I was talking to our friends over at Red River Paper about cold weather challenges for photographers and they reminded me that this time of year they get a lot of questions about paper curling and creating printer feed and print quality issues. They wrote about this issue and have allowed me to share it with you on our blog.
Paper Curling? The Problem
The temperatures are dropping around the country as winter hits with full force. To maintain a comfortable environment, we turn up those thermostats and increase the output of warm, dry air into our homes and offices.
Though many people have humidifiers for relief from the dryness, most do not. This can result in a number of inkjet printer problems.
All papers retain a small amount (3-5%) of moisture to prevent them from being brittle. Most paper is manufactured in a moisture environment of 45-55%. If the air surrounding the paper falls to a level of 25-35% from our office and home heating, it will attempt to regain balance by losing some of its moisture content. Many Red River inkjet papers are only coated for printing on one side or have different coatings on front and back. When the paper loses or gains water, one side of the paper can flex more than the other resulting in curl and static problems.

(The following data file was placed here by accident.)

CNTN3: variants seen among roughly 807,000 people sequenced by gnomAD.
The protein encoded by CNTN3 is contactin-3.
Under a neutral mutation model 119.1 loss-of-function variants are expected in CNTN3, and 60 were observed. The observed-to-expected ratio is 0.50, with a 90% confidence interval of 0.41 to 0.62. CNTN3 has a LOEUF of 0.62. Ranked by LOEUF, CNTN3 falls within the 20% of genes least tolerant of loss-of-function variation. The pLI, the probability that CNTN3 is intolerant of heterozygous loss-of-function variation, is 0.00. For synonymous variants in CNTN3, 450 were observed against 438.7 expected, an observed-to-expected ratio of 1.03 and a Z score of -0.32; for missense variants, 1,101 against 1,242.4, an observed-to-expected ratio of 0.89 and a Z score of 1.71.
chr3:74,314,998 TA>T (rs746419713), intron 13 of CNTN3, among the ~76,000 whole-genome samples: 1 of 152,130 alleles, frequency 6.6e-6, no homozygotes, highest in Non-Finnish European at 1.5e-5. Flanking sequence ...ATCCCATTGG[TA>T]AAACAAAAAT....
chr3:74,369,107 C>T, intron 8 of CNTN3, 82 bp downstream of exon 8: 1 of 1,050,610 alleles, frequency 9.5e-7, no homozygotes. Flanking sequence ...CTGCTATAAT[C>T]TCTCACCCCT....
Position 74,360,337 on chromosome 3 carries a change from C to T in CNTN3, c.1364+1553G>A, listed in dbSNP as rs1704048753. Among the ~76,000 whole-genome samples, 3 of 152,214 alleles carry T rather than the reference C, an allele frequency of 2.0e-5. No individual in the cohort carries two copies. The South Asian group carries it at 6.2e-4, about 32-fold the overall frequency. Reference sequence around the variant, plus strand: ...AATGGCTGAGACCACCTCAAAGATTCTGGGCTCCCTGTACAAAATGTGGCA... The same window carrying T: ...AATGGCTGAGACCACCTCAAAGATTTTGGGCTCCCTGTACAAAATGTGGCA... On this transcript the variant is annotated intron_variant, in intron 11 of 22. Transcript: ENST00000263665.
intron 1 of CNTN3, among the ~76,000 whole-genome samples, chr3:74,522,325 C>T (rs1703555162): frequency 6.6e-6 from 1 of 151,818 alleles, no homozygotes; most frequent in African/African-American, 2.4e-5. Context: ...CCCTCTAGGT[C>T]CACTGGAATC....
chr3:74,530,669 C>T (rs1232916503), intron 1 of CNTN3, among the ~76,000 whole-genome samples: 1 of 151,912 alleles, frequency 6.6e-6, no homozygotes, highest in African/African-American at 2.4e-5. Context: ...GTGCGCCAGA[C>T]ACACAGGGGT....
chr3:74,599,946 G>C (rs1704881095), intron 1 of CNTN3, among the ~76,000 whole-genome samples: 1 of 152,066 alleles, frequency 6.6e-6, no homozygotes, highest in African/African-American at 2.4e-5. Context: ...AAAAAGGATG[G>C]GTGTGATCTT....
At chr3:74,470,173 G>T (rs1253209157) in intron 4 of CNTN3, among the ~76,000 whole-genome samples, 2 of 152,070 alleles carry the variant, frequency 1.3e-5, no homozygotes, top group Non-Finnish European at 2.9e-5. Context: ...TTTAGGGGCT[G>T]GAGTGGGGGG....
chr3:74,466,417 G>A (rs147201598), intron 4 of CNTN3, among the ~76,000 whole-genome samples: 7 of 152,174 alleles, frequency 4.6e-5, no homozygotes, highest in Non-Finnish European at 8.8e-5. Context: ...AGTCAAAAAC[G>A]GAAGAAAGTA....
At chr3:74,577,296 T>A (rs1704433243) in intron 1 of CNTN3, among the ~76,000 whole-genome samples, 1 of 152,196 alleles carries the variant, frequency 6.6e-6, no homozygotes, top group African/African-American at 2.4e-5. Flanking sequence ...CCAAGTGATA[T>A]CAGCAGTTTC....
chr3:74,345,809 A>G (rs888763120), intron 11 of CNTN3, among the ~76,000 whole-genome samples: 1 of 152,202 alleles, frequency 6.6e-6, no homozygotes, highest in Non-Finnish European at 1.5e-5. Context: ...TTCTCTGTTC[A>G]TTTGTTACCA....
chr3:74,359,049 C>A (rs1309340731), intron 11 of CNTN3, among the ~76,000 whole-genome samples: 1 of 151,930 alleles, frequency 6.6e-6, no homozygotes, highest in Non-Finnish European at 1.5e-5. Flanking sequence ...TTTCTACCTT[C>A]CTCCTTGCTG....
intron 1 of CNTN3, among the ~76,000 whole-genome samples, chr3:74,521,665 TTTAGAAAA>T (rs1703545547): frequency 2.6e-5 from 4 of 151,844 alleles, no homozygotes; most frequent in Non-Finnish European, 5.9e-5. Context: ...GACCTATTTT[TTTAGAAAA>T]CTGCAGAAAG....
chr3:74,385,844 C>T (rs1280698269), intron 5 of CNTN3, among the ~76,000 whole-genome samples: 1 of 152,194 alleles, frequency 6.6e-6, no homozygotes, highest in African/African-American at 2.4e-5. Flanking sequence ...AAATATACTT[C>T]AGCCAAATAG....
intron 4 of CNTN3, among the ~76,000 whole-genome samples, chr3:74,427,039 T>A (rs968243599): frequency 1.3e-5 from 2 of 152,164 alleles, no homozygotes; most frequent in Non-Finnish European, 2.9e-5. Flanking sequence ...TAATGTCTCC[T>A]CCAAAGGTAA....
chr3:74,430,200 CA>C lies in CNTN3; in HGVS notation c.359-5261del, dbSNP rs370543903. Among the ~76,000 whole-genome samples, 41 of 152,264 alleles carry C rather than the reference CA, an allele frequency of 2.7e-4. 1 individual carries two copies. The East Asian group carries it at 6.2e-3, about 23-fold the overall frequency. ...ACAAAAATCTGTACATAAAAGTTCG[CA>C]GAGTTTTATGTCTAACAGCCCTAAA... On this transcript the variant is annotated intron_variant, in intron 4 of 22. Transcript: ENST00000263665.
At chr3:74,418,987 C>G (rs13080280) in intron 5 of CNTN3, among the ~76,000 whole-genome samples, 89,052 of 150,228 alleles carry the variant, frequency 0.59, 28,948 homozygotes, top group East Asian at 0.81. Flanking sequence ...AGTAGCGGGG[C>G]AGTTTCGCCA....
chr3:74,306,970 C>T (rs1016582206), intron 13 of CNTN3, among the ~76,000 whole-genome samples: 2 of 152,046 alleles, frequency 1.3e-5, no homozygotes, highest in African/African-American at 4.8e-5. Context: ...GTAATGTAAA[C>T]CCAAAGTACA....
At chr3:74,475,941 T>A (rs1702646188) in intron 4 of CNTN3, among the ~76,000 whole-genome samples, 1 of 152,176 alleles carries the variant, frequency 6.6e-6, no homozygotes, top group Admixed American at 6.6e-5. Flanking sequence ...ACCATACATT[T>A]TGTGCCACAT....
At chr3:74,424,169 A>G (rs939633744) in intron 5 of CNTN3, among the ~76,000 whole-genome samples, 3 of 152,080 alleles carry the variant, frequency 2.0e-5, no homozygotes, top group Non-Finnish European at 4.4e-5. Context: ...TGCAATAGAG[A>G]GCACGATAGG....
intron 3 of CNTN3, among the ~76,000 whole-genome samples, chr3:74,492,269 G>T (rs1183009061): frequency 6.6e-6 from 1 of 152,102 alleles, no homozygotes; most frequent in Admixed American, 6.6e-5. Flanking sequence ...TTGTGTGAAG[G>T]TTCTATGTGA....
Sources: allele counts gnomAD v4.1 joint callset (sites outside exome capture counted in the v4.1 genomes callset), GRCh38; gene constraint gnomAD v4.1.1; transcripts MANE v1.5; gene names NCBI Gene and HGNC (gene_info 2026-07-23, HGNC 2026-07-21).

The result is curled sheets of inkjet paper that will not feed consistently in your printer. Papers that are printable on one side experience the greatest change in curl as the humidity changes.
By using a small room humidifier where you print, a lot of feeding problems in the winter can be avoided. An improvement of only 10% from 28% to 38% can make a big difference.
Static (which causes sheets of paper to stick together) can be reduced by rubbing fabric softener sheets on the paper before feeding. Although this may sound strange, printing press operators have been doing this trick for years.
You can learn more about printing in the Red River Paper website. And while you're there, check out their selection of outstanding inkjet papers. They are awesome.